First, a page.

In spite of my hatred of the phrase,”navel-gazing”, I am going to use it because it is the only word that accurately describes what I’m doing here. As much as I’d like to think of myself as an “up with people” philanthropist, the truth is that I am quite self-absorbed of late. I didn’t start out this way. When I was a kid, I used to pretend not to know the answers to questions because I didn’t want the other kids to feel bad that they didn’t know. If I expressed an opinion that was unpopular, I changed it because I didn’t want my friends to be angry with me. I took sides in disputes, when in truth, I wasn’t invested either way. I said things I didn’t mean because I wanted to fit in. I kept my feelings to myself because I didn’t to be a burden to anyone, and I gossiped about people I didn’t know because everyone else was doing it.
When I turned 28, a shift happened. All at once, I went from a people-pleasing sycophant, to a God-pleasing loner. (With a small group of trusted friends.) During that time, I experienced a lot of personal turmoil. It was as though everything was stacked against both me, and everyone I was related to. The 4 years that followed were a mixture of sublime, ridiculous, and sad. I am grateful that I had the support of my family and friends through all of it. I found out how short life really was in those years, so I made up my mind to stop living for others, and start living the life God intended me to live.
The first thing I did was reconnect to my faith. I was raised in a Christian home (with two activist parents), but during my teens and early twenties I renounced my faith and adopted the beliefs of any creed that would allow me to do whatever I wanted. However, I am not the type of person who can live without believing in someone. A few years ago, I read The God of Small Things, by Arundhati Roy. In it, she writes about te human need to fill the ‘God-shaped hole’ in their lives. That is, in the absence of God, people will inevitably find something or someone else to worship. I spent a lot of time worshipping my own misery. My prayers were complaints and criticism, and I had a small choir of equally miserable people to encourage my negativity. (I also had dysthymia, which did not help matters. At all.) After years of suffering in silence, I decided that I was not invincible, infallible, or untouchable and that I needed help. When I abandoned my pride and admitted my weakness, I was able to get the help that I needed, and start living my life.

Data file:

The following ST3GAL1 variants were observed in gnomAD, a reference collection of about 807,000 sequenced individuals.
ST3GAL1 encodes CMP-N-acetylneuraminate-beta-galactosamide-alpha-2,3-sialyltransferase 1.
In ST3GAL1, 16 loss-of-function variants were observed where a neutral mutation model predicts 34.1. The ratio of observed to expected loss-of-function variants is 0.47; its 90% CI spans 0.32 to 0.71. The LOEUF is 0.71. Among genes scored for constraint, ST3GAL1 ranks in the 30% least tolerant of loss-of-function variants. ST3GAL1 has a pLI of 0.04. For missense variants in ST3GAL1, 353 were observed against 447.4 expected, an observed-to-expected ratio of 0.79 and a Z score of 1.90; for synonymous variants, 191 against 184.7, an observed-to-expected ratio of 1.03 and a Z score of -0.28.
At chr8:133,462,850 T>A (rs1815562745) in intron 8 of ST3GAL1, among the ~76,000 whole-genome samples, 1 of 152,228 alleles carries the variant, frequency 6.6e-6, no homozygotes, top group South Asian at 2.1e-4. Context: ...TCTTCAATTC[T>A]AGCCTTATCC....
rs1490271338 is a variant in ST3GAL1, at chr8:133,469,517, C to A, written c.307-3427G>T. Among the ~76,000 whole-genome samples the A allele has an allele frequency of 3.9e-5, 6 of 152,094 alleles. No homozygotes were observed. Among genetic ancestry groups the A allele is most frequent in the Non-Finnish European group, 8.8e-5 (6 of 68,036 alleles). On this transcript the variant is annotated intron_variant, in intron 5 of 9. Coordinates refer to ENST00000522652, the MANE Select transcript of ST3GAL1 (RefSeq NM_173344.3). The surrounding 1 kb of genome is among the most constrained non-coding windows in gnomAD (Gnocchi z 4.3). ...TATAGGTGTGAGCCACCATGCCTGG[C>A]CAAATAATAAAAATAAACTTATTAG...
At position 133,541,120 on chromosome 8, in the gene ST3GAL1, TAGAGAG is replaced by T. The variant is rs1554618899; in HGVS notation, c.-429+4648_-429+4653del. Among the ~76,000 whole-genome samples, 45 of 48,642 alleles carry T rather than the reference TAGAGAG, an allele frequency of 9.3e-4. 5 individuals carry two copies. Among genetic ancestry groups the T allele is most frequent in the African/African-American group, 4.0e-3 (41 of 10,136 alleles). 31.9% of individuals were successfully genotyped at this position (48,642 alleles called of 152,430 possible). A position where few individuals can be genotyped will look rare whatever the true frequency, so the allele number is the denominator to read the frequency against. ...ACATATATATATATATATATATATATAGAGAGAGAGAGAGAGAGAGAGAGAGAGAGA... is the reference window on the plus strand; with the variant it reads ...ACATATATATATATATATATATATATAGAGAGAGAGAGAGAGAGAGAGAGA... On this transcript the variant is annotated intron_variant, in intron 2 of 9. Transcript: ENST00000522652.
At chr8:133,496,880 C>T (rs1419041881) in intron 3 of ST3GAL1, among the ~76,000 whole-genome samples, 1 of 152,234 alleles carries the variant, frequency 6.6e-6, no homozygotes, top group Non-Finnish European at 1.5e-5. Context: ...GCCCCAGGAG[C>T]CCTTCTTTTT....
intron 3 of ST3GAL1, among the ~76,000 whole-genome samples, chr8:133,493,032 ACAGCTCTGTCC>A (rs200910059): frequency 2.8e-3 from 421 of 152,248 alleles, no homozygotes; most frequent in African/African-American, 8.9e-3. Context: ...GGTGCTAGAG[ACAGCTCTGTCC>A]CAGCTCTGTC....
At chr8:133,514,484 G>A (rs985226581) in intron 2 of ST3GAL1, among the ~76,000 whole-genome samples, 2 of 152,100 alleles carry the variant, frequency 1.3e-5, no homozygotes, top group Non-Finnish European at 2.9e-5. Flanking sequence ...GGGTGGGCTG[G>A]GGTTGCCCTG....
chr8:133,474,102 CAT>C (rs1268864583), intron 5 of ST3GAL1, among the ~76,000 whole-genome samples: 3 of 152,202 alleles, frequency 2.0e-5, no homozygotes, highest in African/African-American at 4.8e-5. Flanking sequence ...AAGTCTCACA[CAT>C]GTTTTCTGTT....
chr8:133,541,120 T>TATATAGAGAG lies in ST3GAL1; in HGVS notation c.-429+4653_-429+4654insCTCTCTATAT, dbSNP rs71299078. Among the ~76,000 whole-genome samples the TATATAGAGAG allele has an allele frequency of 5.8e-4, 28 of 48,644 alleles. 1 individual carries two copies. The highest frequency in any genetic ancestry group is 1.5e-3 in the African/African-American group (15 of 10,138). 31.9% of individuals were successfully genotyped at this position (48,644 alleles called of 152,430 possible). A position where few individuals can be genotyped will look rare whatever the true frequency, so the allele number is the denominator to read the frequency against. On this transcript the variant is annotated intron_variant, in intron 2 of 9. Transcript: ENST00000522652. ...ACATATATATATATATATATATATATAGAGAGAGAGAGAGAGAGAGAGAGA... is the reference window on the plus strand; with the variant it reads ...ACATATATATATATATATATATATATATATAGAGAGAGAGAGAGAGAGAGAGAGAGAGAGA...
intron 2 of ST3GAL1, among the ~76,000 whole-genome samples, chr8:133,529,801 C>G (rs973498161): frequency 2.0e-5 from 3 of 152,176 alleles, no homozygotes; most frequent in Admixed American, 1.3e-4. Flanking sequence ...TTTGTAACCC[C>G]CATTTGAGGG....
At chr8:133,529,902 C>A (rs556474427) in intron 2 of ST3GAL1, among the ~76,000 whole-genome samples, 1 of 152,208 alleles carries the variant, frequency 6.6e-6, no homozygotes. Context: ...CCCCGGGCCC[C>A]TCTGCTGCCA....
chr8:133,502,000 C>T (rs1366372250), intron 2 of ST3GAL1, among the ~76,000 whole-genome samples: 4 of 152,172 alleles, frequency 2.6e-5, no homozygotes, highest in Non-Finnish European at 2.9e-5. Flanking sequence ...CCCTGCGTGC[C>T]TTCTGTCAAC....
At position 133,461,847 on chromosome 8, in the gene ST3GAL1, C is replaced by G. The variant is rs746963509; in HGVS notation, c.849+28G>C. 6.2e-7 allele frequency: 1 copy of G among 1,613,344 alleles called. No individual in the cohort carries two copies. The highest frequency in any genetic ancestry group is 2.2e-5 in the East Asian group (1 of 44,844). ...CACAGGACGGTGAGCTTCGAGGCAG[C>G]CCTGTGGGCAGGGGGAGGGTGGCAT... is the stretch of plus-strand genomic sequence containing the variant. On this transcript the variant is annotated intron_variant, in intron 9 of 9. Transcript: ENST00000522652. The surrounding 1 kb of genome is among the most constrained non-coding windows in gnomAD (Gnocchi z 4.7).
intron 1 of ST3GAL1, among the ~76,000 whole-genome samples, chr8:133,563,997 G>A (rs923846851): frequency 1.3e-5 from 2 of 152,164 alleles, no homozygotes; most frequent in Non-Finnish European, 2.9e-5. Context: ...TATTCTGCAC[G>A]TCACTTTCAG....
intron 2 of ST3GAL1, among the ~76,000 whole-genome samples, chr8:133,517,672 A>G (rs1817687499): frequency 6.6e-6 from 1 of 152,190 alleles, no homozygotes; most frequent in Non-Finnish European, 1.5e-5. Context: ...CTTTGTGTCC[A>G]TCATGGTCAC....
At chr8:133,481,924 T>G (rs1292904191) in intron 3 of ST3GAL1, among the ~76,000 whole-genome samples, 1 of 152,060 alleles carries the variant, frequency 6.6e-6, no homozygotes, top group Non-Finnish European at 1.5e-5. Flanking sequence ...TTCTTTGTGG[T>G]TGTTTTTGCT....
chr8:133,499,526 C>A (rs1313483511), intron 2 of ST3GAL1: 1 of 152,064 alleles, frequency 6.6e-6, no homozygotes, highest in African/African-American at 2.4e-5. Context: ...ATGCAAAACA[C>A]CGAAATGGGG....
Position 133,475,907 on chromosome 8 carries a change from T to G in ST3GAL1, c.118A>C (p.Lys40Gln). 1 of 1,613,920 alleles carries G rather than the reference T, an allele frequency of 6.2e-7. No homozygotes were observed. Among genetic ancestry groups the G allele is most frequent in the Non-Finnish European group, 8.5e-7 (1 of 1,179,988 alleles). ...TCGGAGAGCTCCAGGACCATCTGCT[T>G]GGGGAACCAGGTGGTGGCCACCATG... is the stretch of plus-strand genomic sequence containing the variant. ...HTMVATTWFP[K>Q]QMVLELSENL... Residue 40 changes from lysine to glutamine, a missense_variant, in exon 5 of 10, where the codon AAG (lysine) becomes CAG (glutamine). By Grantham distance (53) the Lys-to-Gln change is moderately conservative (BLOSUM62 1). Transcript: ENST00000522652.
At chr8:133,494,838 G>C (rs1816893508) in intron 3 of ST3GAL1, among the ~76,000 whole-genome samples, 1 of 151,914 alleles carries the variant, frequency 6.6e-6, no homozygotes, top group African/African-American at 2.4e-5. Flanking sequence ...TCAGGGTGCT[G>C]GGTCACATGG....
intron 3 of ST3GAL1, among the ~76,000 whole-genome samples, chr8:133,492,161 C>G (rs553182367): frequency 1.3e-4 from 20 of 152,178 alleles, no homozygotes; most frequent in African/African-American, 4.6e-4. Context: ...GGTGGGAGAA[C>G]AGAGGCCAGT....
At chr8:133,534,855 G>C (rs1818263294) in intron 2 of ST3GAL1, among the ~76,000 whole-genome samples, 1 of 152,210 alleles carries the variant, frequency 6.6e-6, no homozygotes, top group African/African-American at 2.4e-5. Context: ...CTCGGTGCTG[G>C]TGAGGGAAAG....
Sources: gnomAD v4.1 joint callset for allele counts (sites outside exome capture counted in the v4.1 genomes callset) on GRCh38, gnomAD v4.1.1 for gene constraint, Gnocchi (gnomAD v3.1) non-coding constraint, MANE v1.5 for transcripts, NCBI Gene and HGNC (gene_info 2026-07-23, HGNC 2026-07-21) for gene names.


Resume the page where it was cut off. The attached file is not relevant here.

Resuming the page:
The first casualty in my war against inefficiency was my need to please everyone. I’m not the type to try to make another person miserable on purpose, but, if a person is not happy with me as I am, it is not my job to make them happy with me. How people feel about me, is their business, not mine. Seeking comfort is normal, but growth always comes with discomfort, rather, my acceptance of times of challenge and inconvenience as a part of life instead of avoiding them because I feel I am entitled to something better. Learning how to like the person I am in spite of what other people think was not always comfortable. But once I realized that I didn’t need the approval of the crowd in order to live a good life, I didn’t want their approval anymore.
So now, I am all about me–with a twist. I am all about the plans God has for my life. I am all about being myself. I am all about nurturing my own gifts and talents instead of coveting the gifts and talents of other people. I am all about being comfortable in my own skin because, let’s face it–this is the only skin I have so I may as well accept it. Not everyone will like me for this. Not everyone should like me for this. I was not born to be validated by the crowd. Per my contrary nature, my being validated by the masses means that I’m doing something wrong. (My M.O.: If everyone is going left, go right because it’s less crowded.)
If history has taught me anything, it is that the pervading popular opinion is often incorrect. I made the decision not to allow what is commonly believed to sway my views. I read a quote that explained how we all see the people in our lives as extras, and we’re the stars, but we fail to recognize that they are the stars of their own story. All this navel-gazing, self-awareness, and unabashed confidence are just a byproduct of my realizing that, while I may be a mere extra in another person’s life, in my own life I am the key player. When I accepted myself as the key player in my life, I was able to live with the fact that everyone is a key player.
My confidence is not derived from the knowledge that I am somehow superior to anyone else. (I think you’ll find that any person who clings to the belief that he or she is superior is deeply insecure. Arrogance is just a cover.) I can be confident because I don’t need anyone to tell me who I am. I already know. I can confidently admit that I do not know it all. I make a lot of mistakes. I am often rude, self-absorbed, and standoffish. I am intolerant of people who waste my time. I cannot abide gossips. Once a person betrays my trust, it will take years before I trust them again–that is–if I ever do. I cannot stand anyone who uses manipulation as a means to control other people, and I am relentlessly stubborn when I believe I am right.
I may be a navel-gazer, but hey, at least I’ve learned something from it.